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Thread: Sensitive Sarah Palin ethics report kept secret, for now

  1. #1
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    Default Sensitive Sarah Palin ethics report kept secret, for now

    4 hours ago



    ANCHORAGE, Alaska (AP) — Sworn to secrecy, Alaska lawmakers have begun reviewing a lengthy and politically sensitive investigative report focusing on whether Republican vice presidential nominee Sarah Palin abused her authority as governor.

    The first-term Alaska governor has been accused of firing a state commissioner to settle a family dispute. But the report is also expected to touch on whether Palin's husband meddled in state affairs and whether her administration inappropriately accessed employee medical records.

    The inquiry, approved by a legislative committee's bipartisan vote, began before Republican presidential nominee John McCain named Palin his running mate. Since then, the case has been dogged by accusations of political influence.

    The investigation focuses on her firing of Public Safety Commissioner Walter Monegan. Monegan says Palin and her husband pressured him to fire Mike Wooten, a state trooper involved in a nasty divorce and custody dispute with the governor's sister. When Monegan resisted, he says, he was fired.

    Palin's critics say that shows she used her office to settle family affairs.
    "When you're the governor, you leave your household hat at home and you become governor," said state Senate President Lyda Green, a Republican who has frequently clashed with Palin.

    At their meeting Friday, lawmakers planned to vote to release the estimated 300-page report and some of the 1,000 or more pages of supporting documents. The 14-member legislative panel could recommend that the case be closed, that another committee continue to investigate, or that the matter be referred to criminal investigators.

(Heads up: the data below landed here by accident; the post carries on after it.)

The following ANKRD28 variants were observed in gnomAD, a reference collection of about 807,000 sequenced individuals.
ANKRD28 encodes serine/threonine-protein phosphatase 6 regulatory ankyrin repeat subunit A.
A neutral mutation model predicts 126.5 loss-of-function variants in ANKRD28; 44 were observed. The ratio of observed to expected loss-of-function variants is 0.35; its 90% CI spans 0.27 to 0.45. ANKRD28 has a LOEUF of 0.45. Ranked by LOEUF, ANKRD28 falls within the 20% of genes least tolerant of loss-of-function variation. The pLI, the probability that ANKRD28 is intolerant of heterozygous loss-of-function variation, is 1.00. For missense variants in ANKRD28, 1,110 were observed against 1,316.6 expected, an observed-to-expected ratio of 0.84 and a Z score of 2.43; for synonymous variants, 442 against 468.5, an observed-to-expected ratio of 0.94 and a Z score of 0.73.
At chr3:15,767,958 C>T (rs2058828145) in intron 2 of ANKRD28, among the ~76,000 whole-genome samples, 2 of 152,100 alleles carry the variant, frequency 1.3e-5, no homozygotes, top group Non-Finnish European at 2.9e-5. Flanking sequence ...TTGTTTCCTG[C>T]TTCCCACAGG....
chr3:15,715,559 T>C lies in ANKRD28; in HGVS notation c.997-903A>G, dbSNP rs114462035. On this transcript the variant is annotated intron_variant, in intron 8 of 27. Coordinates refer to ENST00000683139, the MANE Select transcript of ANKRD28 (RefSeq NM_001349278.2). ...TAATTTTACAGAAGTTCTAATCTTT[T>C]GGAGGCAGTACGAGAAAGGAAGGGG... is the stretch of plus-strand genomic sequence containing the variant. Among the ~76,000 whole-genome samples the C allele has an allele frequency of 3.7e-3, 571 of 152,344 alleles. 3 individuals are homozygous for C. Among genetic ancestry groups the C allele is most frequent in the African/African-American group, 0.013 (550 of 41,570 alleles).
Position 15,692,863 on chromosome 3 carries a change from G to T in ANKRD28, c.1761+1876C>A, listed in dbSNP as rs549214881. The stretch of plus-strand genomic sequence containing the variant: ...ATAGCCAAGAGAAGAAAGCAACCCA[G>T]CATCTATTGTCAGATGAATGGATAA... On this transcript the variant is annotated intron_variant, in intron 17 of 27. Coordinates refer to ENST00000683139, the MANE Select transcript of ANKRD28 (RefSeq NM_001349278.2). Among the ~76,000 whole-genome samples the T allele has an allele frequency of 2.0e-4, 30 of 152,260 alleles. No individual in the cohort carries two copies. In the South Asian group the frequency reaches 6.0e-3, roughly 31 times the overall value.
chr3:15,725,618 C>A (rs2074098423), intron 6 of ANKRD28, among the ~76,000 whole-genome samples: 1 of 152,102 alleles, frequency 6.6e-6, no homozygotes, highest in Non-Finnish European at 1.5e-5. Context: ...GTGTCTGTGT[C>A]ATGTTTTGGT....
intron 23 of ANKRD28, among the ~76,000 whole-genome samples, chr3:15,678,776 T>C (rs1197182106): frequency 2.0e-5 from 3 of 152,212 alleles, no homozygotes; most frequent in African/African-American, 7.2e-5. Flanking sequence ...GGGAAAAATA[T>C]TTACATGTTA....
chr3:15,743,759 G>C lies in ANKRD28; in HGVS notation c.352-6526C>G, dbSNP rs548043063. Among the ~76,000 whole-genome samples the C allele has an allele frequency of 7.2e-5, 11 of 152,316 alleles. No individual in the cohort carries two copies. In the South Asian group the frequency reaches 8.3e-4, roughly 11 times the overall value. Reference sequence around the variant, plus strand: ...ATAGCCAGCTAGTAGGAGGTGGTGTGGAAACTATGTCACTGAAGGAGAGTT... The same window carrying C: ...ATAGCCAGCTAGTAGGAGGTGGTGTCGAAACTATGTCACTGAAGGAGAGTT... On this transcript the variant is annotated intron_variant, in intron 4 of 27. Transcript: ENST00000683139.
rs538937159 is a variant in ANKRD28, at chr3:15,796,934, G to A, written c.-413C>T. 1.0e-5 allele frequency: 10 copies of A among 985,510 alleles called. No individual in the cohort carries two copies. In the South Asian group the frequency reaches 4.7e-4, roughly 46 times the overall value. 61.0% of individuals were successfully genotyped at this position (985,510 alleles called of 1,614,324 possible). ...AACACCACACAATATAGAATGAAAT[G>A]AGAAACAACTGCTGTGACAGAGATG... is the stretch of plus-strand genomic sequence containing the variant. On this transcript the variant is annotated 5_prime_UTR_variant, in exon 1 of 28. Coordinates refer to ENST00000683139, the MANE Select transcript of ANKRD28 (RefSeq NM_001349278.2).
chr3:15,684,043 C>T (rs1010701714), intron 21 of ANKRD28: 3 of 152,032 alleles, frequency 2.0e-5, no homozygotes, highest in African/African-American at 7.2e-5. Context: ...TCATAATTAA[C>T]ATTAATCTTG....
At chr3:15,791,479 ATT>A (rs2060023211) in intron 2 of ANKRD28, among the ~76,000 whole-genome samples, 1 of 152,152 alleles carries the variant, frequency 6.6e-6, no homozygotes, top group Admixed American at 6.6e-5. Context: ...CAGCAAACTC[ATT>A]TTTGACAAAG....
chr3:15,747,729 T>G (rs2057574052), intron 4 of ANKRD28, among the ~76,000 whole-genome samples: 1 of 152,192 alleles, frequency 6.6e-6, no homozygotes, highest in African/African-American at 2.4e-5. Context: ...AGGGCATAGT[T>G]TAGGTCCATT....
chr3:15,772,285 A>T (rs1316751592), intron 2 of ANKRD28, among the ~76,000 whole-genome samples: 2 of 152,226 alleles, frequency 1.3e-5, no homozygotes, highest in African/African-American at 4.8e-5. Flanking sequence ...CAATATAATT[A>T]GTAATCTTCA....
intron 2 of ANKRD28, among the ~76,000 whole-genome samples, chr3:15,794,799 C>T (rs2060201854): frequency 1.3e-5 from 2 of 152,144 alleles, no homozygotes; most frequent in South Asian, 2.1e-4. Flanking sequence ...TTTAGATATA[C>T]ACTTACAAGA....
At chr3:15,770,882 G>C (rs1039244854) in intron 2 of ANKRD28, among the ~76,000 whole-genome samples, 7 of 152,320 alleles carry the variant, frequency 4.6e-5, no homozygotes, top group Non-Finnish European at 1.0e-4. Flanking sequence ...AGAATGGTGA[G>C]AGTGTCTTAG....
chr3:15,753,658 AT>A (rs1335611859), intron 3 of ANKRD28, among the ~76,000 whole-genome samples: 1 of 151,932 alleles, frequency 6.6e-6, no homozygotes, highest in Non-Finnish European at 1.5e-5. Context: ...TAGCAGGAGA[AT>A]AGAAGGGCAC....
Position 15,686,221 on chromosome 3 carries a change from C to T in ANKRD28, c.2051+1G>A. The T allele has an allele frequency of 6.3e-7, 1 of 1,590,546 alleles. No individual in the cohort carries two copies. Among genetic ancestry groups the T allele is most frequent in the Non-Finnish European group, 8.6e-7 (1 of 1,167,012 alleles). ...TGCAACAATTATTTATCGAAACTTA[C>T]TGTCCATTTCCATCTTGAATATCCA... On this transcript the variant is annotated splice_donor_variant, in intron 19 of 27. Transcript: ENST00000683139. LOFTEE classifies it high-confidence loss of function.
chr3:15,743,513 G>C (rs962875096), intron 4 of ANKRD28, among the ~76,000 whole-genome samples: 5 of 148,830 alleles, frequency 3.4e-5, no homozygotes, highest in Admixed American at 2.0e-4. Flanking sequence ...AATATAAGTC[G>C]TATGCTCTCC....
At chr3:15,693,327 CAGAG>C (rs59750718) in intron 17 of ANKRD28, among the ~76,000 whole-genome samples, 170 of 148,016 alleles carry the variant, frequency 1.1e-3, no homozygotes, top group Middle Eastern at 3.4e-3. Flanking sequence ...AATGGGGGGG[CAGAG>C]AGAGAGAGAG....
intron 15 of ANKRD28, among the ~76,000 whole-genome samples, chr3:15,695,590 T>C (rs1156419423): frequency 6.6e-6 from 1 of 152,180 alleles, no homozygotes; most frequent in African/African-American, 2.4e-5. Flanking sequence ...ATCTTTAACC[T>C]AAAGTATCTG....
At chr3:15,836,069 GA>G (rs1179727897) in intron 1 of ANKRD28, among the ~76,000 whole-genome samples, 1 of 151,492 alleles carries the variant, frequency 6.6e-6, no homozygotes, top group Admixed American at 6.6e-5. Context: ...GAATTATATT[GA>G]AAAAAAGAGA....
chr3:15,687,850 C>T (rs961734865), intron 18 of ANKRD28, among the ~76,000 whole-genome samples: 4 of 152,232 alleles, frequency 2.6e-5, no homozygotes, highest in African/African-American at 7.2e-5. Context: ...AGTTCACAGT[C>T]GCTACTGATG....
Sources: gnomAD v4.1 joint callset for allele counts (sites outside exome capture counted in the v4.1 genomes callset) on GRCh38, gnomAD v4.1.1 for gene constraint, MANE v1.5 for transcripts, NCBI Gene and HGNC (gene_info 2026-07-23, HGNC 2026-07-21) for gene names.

In an effort to head off the report, McCain campaign spokesman Taylor Griffin released the campaign's own version of events. That report, which Griffin said was written by campaign staffers, says the Legislature has taken a legitimate policy dispute between a governor and one of her commissioners, and portrayed it as something inappropriate.

    "The following document will prove Walt Monegan's dismissal was a result of his insubordination and budgetary clashes with Governor Palin and her administration," campaign officials wrote. "Trooper Wooten is a separate issue."

    Monegan had not seen the closely held report Thursday night and said he did not know what to expect.

    "I just hope that the truth is figured out," Monegan said in a telephone interview Thursday. "That the governor did want me to fire him, and I chose to not. You just can't walk up to someone and say, 'I fire you.'

    He didn't do anything under my watch to result in termination."
    The report is also expected to focus on Palin's husband, Todd, who had extraordinary access to the governor's office and her top aides. Todd acknowledges calling and meeting over the course of many months with numerous senior government officials about Wooten, whom he described as a dangerous and unstable man who had threatened his family.